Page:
Extravaganza sponsors bring innovations to college campuses

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Nandini Mouli, Juan Soto, Nikola Jovic, Jennifer Taranto (l-r)

By BARBARA ENGLEHART, MATTHEW SHONMAN, and TRAVIS HIGH

At the Energy and Sustainability Extravaganza at The George Washington University (GW) on February 24, 2017, attendees learned about what universities in the DC area are doing to reach their sustainability goals and commitments. But, as some of the panelists acknowledged, no one person, office, or even university can bring the high-level change and results alone. At some point in almost any project, whether in higher education or elsewhere, partners are needed.

Dr. Nandini Mouli

So after the panel of campus sustainability officers shared their sustainability priorities and challenges, the Extravaganza sponsors took the stage to display their sustainable solutions.

Moderated Dr. Nandini Mouli, President of eSai Consulting, there were two panels featuring representatives from a total of ten companies. Dr. Mouli gave a short introduction, noting the timeliness of bringing companies that offer solutions to a range of clients, including in higher education. Each speaker was asked to give short introduction to their company.

Here are the highlights of that discussion:

  1. Juan Soto – Sales Engineer at Carrier Enterprise

Juan Soto

About: Carrier Enterprise offers Variable Refrigerant Flow (VRF) technology. VRF is a heating, ventilation, and air conditioning (HVAC) system that can distribute coolant across many rooms depending on the need, essentially creating different thermal zones. Two VRF systems are available: a heat pump system to heat or cool single, large open spaces; and a heat recovery system, able to simultaneously heat and cool multiple spaces using one system.

Benefits: Soto said that the VRF technology can be good for schools, offices, and multifamily buildings. The product is now also available for single houses. The system can transfer heat from a full room to emptier spaces in a building. It has several other benefits, including that the components are lightweight and quiet, with a cost over the life cycle.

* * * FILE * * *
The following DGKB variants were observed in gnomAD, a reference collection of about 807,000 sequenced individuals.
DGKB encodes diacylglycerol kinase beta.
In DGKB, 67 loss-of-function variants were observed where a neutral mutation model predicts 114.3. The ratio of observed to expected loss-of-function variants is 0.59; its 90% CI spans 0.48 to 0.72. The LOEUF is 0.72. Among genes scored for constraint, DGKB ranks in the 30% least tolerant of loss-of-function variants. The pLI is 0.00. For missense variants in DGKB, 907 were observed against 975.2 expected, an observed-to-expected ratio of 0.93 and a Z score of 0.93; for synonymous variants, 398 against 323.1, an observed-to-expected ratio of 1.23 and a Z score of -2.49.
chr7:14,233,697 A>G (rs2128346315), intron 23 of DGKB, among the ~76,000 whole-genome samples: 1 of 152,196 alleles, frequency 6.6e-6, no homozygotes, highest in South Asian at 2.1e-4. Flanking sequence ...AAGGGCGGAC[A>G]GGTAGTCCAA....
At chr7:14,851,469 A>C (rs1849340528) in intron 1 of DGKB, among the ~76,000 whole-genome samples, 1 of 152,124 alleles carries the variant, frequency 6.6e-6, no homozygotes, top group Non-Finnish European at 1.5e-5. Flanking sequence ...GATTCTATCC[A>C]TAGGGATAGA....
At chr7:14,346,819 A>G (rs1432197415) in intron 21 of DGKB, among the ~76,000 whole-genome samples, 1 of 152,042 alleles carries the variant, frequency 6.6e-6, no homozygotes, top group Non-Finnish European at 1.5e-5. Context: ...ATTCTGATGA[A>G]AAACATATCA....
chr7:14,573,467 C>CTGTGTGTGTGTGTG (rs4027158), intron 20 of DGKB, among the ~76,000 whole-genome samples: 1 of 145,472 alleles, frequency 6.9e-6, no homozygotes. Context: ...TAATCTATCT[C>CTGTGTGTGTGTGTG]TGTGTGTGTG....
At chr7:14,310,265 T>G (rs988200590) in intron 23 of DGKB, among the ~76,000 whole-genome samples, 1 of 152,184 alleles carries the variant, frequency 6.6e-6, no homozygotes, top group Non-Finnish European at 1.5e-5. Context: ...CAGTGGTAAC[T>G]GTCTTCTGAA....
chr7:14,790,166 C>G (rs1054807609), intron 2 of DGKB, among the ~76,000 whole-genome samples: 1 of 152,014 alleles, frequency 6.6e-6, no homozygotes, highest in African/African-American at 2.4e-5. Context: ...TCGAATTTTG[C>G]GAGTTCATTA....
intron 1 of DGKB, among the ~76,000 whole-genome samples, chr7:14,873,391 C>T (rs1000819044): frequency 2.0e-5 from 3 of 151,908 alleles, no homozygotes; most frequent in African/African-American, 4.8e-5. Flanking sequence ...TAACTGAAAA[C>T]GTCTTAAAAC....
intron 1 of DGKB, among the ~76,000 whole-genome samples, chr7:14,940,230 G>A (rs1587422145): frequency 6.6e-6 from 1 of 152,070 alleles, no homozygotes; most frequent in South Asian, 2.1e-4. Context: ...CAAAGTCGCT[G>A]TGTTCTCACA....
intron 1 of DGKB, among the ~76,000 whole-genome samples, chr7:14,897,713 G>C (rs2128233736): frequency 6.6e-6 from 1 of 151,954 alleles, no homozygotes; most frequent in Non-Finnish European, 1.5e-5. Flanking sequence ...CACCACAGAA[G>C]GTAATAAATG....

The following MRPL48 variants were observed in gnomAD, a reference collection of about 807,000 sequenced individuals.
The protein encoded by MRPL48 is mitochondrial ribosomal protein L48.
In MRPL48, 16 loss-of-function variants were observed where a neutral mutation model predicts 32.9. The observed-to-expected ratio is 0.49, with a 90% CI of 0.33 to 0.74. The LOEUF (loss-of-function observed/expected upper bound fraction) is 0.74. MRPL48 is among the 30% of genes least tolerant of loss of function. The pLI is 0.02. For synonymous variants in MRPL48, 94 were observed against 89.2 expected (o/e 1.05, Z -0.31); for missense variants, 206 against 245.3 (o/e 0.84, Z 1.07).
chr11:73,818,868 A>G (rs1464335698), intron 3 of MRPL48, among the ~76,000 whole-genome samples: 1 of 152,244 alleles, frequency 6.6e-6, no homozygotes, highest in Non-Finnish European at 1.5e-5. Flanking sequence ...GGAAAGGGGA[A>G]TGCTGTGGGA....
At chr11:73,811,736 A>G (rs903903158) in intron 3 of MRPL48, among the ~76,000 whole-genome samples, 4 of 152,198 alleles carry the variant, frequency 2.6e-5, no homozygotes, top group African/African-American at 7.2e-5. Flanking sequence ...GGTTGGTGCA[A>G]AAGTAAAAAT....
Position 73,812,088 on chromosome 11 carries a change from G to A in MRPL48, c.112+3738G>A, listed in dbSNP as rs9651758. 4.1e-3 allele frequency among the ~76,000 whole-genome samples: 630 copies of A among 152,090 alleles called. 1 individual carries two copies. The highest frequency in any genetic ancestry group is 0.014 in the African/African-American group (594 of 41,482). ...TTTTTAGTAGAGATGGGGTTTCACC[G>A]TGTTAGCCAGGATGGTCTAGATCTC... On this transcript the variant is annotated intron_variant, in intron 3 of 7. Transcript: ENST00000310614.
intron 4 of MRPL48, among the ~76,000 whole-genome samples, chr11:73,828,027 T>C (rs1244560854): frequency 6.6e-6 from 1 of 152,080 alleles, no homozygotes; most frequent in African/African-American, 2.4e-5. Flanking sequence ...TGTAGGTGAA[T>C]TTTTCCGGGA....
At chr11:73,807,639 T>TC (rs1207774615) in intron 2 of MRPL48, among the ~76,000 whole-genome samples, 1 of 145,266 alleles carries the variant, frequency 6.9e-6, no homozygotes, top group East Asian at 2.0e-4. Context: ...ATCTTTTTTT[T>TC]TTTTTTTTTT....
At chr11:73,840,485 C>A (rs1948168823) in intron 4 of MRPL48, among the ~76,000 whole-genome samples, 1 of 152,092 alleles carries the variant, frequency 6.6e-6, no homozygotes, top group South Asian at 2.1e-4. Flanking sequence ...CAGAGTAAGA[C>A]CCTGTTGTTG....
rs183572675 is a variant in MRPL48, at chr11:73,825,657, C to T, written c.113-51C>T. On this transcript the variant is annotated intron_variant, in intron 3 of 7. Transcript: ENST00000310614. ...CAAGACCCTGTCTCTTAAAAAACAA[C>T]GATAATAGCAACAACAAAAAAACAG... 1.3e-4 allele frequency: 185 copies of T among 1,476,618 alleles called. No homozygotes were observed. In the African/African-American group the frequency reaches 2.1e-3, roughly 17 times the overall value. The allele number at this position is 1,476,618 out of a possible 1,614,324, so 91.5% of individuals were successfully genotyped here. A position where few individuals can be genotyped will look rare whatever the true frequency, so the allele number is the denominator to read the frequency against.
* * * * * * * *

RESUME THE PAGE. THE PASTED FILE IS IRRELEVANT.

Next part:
1. Nikola Jovic – Energy Consultant at DC Sustainable Energy Utility

About: DCSEU is a local energy efficiency utility that was established by the Council of the District of Columbia to reduce gas and electric consumption in DC and to create jobs for DC residents.

Benefits: According to the program requirements, 10% of energy savings are to come from low-income communities. DCSEU achieves this goal by providing technical assistance and financial rebates to customers and connecting customers to share knowledge. They also work with DC universities, including GW, Georgetown, and American University.

  1. Jennifer Taranto – Market Sales Manager at Johnson Controls

Jennifer Taranto

About: Johnson Controls offers a range of products that include building-wide systems integration, smart technology, data on energy use, and Internet of Things. Multiple low-voltage technologies are converging in smart buildings in ways that can help to increase interoperability of technologies. A building could adjust lighting and other systems based on the number of people inside. It could be aware of when people enter and leave. Moreover, buildings can be “self-healing” – parts of a building that need repair could automatically contact service mechanics before a human becomes aware of the problem.